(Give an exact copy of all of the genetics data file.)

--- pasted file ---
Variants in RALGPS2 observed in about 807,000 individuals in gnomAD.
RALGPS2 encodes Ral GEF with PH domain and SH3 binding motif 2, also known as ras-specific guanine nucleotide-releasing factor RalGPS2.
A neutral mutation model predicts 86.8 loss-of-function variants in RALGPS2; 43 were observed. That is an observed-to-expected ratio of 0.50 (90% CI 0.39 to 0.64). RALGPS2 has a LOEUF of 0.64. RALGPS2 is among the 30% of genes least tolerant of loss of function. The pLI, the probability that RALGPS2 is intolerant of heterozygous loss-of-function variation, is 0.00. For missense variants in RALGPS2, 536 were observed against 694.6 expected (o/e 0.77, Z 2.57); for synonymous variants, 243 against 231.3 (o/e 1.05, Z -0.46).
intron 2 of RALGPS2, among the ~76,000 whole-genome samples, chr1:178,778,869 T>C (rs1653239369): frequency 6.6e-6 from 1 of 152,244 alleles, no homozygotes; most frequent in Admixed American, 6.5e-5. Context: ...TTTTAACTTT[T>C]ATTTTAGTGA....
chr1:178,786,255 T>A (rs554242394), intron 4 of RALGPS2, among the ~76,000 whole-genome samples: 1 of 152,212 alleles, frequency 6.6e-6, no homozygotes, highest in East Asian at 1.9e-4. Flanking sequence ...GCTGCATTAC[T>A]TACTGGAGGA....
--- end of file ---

Variants in RALGPS2 observed in about 807,000 individuals in gnomAD.
RALGPS2 encodes Ral GEF with PH domain and SH3 binding motif 2, also known as ras-specific guanine nucleotide-releasing factor RalGPS2.
A neutral mutation model predicts 86.8 loss-of-function variants in RALGPS2; 43 were observed. That is an observed-to-expected ratio of 0.50 (90% CI 0.39 to 0.64). RALGPS2 has a LOEUF of 0.64. RALGPS2 is among the 30% of genes least tolerant of loss of function. The pLI, the probability that RALGPS2 is intolerant of heterozygous loss-of-function variation, is 0.00. For missense variants in RALGPS2, 536 were observed against 694.6 expected (o/e 0.77, Z 2.57); for synonymous variants, 243 against 231.3 (o/e 1.05, Z -0.46).
intron 2 of RALGPS2, among the ~76,000 whole-genome samples, chr1:178,778,869 T>C (rs1653239369): frequency 6.6e-6 from 1 of 152,244 alleles, no homozygotes; most frequent in Admixed American, 6.5e-5. Context: ...TTTTAACTTT[T>C]ATTTTAGTGA....
chr1:178,786,255 T>A (rs554242394), intron 4 of RALGPS2, among the ~76,000 whole-genome samples: 1 of 152,212 alleles, frequency 6.6e-6, no homozygotes, highest in East Asian at 1.9e-4. Flanking sequence ...GCTGCATTAC[T>A]TACTGGAGGA....